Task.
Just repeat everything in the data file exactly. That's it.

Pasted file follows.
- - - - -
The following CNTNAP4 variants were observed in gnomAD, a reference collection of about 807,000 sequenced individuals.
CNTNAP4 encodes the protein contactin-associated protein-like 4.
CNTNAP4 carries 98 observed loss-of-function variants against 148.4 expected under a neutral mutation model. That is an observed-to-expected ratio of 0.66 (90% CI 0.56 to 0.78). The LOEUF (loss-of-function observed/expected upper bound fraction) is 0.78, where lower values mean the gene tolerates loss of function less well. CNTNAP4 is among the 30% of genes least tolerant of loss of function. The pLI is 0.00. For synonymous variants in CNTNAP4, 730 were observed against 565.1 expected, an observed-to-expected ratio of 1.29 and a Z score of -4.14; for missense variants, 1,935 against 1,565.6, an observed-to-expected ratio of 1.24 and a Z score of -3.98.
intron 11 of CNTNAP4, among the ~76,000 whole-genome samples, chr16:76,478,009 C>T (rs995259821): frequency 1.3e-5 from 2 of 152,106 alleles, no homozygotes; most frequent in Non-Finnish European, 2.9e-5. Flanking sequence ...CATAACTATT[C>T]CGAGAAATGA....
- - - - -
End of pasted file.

The following CNTNAP4 variants were observed in gnomAD, a reference collection of about 807,000 sequenced individuals.
CNTNAP4 encodes the protein contactin-associated protein-like 4.
CNTNAP4 carries 98 observed loss-of-function variants against 148.4 expected under a neutral mutation model. That is an observed-to-expected ratio of 0.66 (90% CI 0.56 to 0.78). The LOEUF (loss-of-function observed/expected upper bound fraction) is 0.78, where lower values mean the gene tolerates loss of function less well. CNTNAP4 is among the 30% of genes least tolerant of loss of function. The pLI is 0.00. For synonymous variants in CNTNAP4, 730 were observed against 565.1 expected, an observed-to-expected ratio of 1.29 and a Z score of -4.14; for missense variants, 1,935 against 1,565.6, an observed-to-expected ratio of 1.24 and a Z score of -3.98.
intron 11 of CNTNAP4, among the ~76,000 whole-genome samples, chr16:76,478,009 C>T (rs995259821): frequency 1.3e-5 from 2 of 152,106 alleles, no homozygotes; most frequent in Non-Finnish European, 2.9e-5. Flanking sequence ...CATAACTATT[C>T]CGAGAAATGA....